PRESS ESC TO CLOSE
 

Researchers Find Dogs Can Sniff Out the Coronavirus 94 Percent of the Time

Share

Dogs may serve a very important role in the current COVID-19 crisis.

Researchers in Germany trained dogs are able to sniff out the coronavirus infection 94 percent of the time, according to their study at the University of Veterinary Medicine Hannover.

The team borrowed eight dogs from Germany’s Armed Forces and trained them to distinguish the difference in saliva from people who are healthy and those who are infected with the virus. The sample size was more than 1,000 people.

Related: Coronavirus: How to Safely Go On a Walk With Your Dog

“We think that the dogs are able to detect a specific smell of the metabolic changes that occur in those patients,” Maren von Koeckritz-Blickwede, a professor at the university, who conducted the study, said in a YouTube video about the project, noting that the metabolic process of those who become infected with the virus completely changes.

The potential ability to sniff out COVID-19 is promising, but shouldn’t be surprising. Dogs’ noses are much stronger than ours. They have 300 million olfactory receptor cells, compared to our 5 million, making their nose 60 times stronger than ours. Because of this, dogs have been used to detect a number of conditions and diseases in people, including cancer, diabetes and even human feces in water.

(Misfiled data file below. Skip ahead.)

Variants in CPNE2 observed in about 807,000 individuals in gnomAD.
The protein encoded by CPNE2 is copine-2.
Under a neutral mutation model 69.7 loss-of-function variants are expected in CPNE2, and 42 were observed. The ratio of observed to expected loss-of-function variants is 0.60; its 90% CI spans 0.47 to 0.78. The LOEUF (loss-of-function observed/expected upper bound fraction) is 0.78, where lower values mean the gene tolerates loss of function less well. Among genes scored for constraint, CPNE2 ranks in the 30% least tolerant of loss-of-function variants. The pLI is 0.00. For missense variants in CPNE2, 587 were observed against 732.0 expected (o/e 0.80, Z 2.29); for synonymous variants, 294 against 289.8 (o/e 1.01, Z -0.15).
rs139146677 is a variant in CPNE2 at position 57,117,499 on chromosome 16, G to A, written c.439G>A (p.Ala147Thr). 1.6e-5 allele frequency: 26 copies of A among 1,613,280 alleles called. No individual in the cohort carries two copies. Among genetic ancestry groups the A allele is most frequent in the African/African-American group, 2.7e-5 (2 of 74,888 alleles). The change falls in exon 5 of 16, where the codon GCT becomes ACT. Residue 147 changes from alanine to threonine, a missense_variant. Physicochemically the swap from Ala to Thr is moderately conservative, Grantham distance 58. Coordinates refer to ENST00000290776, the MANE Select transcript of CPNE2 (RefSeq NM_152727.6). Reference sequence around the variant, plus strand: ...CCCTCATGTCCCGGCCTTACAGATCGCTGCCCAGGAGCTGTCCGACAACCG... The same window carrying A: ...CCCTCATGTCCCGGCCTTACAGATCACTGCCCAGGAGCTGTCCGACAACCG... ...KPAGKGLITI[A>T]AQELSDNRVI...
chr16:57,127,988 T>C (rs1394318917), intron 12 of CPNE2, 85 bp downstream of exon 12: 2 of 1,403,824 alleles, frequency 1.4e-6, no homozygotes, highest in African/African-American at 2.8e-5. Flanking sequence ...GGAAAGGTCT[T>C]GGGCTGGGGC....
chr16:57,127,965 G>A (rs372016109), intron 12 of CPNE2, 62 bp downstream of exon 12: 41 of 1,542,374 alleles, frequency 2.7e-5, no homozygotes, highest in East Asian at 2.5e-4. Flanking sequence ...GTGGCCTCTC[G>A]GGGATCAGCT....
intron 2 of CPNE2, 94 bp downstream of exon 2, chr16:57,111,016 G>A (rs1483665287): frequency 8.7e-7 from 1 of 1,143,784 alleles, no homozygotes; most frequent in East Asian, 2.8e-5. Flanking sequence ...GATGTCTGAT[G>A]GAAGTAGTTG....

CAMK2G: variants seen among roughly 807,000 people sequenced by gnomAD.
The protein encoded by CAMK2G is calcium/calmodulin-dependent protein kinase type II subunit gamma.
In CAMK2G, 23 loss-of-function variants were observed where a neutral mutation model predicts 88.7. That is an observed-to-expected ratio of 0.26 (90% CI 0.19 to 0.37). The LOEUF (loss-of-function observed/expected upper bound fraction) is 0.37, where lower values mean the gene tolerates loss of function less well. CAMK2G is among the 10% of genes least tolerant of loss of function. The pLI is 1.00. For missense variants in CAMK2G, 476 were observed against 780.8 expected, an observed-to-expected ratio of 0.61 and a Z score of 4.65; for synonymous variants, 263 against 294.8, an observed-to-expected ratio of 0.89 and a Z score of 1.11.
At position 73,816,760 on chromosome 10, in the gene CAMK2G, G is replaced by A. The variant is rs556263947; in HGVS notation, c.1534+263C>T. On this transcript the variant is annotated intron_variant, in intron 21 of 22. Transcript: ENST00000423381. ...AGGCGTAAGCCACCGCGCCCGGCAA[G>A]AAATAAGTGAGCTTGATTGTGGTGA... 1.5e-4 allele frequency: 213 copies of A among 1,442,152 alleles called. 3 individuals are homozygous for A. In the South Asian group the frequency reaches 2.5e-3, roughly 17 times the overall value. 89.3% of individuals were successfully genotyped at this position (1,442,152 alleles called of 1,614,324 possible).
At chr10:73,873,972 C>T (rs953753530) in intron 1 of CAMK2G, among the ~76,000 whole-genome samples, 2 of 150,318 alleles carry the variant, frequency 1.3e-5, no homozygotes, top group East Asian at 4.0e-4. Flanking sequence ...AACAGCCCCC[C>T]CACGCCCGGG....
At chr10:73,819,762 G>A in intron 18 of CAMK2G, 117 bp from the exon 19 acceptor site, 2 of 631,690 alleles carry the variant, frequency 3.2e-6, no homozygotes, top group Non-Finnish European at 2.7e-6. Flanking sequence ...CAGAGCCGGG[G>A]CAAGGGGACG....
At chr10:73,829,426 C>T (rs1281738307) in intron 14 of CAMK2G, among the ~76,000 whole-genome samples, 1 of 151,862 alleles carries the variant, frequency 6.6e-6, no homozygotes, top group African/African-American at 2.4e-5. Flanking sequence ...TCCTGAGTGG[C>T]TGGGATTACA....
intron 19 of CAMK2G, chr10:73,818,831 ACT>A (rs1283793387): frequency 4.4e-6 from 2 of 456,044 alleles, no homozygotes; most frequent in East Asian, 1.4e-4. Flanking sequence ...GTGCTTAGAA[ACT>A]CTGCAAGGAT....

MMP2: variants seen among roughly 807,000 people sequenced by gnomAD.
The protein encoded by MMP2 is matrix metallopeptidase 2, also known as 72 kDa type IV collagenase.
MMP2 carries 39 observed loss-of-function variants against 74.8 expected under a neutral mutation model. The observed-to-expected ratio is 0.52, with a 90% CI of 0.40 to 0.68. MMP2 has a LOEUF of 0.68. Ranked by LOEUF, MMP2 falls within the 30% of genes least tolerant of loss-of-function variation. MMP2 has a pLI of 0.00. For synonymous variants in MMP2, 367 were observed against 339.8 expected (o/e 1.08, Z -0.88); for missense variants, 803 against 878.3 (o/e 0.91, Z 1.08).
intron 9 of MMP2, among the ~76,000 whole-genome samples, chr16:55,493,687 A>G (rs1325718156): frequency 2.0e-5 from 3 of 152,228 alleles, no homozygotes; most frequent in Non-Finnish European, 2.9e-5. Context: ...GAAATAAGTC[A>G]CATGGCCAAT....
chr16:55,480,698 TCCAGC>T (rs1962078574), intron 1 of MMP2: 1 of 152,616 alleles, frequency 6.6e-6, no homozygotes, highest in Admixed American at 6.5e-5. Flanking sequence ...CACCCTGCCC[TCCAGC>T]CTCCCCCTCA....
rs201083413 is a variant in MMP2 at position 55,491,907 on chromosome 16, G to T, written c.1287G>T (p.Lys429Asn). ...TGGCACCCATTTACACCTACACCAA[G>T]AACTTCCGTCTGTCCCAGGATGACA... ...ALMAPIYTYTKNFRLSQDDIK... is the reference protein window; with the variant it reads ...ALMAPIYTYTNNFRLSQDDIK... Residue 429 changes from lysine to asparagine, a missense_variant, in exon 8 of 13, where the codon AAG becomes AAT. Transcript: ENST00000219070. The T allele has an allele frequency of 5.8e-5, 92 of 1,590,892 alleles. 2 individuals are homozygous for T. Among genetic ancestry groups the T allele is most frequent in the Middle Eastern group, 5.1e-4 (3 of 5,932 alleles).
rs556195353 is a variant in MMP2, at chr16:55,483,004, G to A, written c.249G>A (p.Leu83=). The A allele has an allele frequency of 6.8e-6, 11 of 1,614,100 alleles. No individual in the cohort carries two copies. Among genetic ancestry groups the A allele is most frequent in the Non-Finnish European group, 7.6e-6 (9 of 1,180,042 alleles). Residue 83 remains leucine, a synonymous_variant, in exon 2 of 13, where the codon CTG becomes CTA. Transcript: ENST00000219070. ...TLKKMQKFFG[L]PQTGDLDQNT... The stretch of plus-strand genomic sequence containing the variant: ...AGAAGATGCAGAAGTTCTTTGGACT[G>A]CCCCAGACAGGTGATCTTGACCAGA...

The next step after this pilot study is to train the dogs to differentiate between the COVID-19 virus and other diseases, such as the flu.

Related: How Dogs Are Comforting Us During the Coronavirus Pandemic

The hope is that dogs may be able to detect those infected with COVID-19 in large public places, like airports, while also assisting laboratory testing facilities.

The study was published in BMC Infectious Diseases.

By Andrea Huspeni

Andrea Huspeni is the founder and CEO of This Dog's Life. Her mission it to help dogs live a happier, healthier and longer life. When she isn't working, she spends time with her two dogs, Lola and Milo. She resides in Brooklyn, NY.

All You Need

Shop now
Loading component ...
Here's the Correct Way to Use Dry Shampoo on Your Dog, According to a Vet

Here's the Correct Way to Use Dry Shampoo on Your Dog, According to a Vet

Don't Judge a Book By Its Cover: Research Casts Doubt on Stereotypes About Dog Breeds

Don't Judge a Book By Its Cover: Research Casts Doubt on Stereotypes About Dog Breeds

4 Ways to Stop Your Dog From Having Itchy Skin

4 Ways to Stop Your Dog From Having Itchy Skin

Spring Cleaning: 9 Non-Toxic Dog Stain and Odor Cleaners That Get the Job Done

Spring Cleaning: 9 Non-Toxic Dog Stain and Odor Cleaners That Get the Job Done